Picture Credit: UnsplashA self-managing team is a group of motivated and cross-functional individuals working towards a common goal. They can adapt and make decisions based on a given situation, with or without supervision.
Self-managing teams that use the Agile methodology have many advantages. They tend to see gains in efficiency and experience higher development velocity. They can respond to market expectations and fluctuations more rapidly.
Self-managing teams may sound like a simple route to chaos; however, when set up accurately, that is far from the case and could be a driving force for a better-managed team. At times these teams can be composed of members that do not report to each other within the company’s hierarchy. In this case, there is no leadership model. In most cases, self-managed teams don’t need a boss to micro-manage them, but they need a sense of leadership.
Customer-centric and Decision Authority Define Self-Managing Agile Teams
When a team is customer-centric, they know what the customer wants and what is suitable for the product. This type of self-managing Agile team takes customer expectations and feedback seriously and therefore feels more responsible for building a product that matches their expectations. This acts as a morale booster and self motivates the team to accept greater responsibility. Ownership rests with the team. It has the autonomy to make minor decisions and make them faster as a group.
By shifting decision authority for minor decisions to team members, the stress on management will be reduced. There is less back and forth waiting for bottlenecks to clear as decisions move through a hierarchy. This allows for a more innovative, creative, and conducive environment. The team does not need to wait for the work to be assigned but can proactively identify the work needed to be completed. They can then define priorities and create a project plan.
A great example of a boss-less concept is the Beehive model. The Beehive model consists of 3 kinds of bees:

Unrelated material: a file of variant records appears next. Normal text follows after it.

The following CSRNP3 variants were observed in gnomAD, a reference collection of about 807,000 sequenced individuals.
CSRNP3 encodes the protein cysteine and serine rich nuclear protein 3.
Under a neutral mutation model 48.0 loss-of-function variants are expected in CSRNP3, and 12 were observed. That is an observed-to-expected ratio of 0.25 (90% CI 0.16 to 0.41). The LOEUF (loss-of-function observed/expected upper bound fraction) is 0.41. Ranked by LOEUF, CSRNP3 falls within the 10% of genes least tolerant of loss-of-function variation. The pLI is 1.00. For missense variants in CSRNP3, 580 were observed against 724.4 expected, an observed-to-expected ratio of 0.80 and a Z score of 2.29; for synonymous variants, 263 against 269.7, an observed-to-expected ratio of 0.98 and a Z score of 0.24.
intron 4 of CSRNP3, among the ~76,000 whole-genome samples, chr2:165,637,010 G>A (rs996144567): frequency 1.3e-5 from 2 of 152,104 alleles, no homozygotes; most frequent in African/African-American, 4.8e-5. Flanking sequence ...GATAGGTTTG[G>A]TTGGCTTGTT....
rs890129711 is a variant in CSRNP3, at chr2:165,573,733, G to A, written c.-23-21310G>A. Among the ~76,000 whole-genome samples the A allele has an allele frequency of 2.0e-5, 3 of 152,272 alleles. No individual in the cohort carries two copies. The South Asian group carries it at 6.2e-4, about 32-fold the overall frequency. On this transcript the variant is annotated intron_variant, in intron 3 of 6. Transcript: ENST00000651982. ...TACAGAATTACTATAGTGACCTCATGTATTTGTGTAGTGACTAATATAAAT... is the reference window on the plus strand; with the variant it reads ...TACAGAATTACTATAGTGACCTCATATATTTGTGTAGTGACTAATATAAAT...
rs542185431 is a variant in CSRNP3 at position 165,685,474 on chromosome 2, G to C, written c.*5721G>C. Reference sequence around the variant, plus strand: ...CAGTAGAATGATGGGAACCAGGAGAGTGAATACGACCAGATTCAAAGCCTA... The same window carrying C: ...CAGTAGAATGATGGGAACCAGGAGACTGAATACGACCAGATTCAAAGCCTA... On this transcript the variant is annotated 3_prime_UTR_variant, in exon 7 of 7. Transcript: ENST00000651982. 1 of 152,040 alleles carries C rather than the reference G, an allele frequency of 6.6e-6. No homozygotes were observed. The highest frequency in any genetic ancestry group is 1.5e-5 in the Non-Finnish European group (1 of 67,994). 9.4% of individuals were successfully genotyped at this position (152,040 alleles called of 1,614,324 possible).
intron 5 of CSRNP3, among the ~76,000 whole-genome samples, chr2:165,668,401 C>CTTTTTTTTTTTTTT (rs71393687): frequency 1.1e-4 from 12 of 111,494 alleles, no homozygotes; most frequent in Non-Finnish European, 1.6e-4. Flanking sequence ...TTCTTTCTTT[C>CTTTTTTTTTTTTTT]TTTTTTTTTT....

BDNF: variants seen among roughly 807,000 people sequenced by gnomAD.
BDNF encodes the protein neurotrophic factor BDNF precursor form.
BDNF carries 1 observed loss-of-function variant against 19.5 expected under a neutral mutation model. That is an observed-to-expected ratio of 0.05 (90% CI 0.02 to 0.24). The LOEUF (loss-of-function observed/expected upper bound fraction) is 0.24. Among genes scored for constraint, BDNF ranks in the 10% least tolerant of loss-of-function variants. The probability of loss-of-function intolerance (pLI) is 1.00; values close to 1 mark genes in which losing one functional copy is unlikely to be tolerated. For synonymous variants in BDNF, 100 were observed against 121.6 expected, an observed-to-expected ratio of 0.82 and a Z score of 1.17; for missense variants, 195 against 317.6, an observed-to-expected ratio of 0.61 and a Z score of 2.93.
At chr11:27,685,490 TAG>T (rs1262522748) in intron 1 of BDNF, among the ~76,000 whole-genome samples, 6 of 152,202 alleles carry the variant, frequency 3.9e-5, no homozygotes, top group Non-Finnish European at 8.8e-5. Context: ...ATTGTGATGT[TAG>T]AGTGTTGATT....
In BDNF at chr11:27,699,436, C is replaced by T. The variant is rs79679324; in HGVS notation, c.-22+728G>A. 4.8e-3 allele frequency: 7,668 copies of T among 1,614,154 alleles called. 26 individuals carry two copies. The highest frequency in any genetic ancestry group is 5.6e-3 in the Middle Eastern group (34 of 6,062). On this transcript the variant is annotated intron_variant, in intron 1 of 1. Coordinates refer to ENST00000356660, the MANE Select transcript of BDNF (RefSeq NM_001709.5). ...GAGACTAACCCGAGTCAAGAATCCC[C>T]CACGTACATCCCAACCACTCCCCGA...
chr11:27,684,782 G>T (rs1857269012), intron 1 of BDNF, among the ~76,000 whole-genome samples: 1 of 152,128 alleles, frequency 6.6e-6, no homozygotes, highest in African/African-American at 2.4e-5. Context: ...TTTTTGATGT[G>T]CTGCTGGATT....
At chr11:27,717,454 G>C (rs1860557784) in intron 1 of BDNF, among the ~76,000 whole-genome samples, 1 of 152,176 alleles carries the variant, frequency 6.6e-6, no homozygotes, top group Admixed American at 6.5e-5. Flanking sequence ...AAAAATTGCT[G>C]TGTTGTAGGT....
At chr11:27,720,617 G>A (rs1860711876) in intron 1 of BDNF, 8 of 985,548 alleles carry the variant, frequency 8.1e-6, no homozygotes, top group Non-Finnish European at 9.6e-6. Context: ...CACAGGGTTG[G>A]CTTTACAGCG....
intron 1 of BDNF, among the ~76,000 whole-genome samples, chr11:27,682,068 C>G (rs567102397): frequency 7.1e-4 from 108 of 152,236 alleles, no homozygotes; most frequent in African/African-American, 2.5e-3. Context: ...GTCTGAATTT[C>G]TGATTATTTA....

- Queen Bee
- Female Bee/Worker Bee
- Male Bee/Drone Bee
In this table, the Beehive model is broken down and translated into Agile team member terms:
Agile Team Characteristics
(SM or Project Coordinator)
Male Bee/ Drone Bee
|Promoter, Translator (Product Owner, Architect)||
Female Bee/ Worker Bee
Backbone (Developers & Testers)
Pain Points When Not Using Agile With Self Managing Teams
Self-managing teams can work miracles if they have a framework. If they don’t have a guidance model, they can encounter many difficulties. Here are a few difficulties and challenges badly organized self-managed teams face:
- They need continuous supervision and refereeing
- They face delays and a lack of quality due to a lack of leadership
- They hesitate to accept new challenges
- They waste time when micromanaged
- They shift team members’ responsibility
What a Successful Agile Self-managed Team Looks Like
Successful self-managed teams that embrace the Agile model have the following characteristics:
- Manages day-to-day activities
- Communicates effectively
- Retains a high Agile maturity
- Makes decisions mutually for work assignments
- Maintains a high level of trust and respect
- Removes internal blockers
- Determines short term team goals and priorities
- Sustains self-management for longer periods
Warning Signs Self-managed Teams Face
Once a team develops a functional working Agile methodology, they still need to embrace feedback and constant self-evaluation to avoid the following challenges:
- Maintaining a constant pace to sustain development
- Falling back to old ways when failures or challenges are faced
- Diluting the Agile process with other frameworks
- Failing to identify gaps caused by stakeholders, clients, or team members (i.e., product owners)
- Failing to define roles and responsibilities, boundaries, and purpose
Keeping Self-managed Team Consistent
Once you have your teams established, self-checking and avoiding the challenges make sure to set up a pull system so they can pick up their assigned stories from the backlog. Teams need to maintain a commitment to educating themselves on the benefits of self-managed teams. They need to know how to self-manage, develop, and maintain themselves. Maintaining knowledge and training on these concepts will allow them to keep their pace and efficiency without outside help.
They will also need to identify opportunities to share observations with the team regarding retrospectives, estimations, and dealing with unexpected changes. These discussions will not only help them evolve as a team but also get better at innovating. Scrum ceremonies are an excellent opportunity for the team.
Any motivated team members should be encouraged to take ownership of the project activities like leading reviews, validations, clarifications sessions that include clients, stakeholders, and architects.
And finally, as the team matures and constantly improves, they will need to be involved in goal setting and planning activities. This will not only increase their Agile knowledge but also their sense of ownership.
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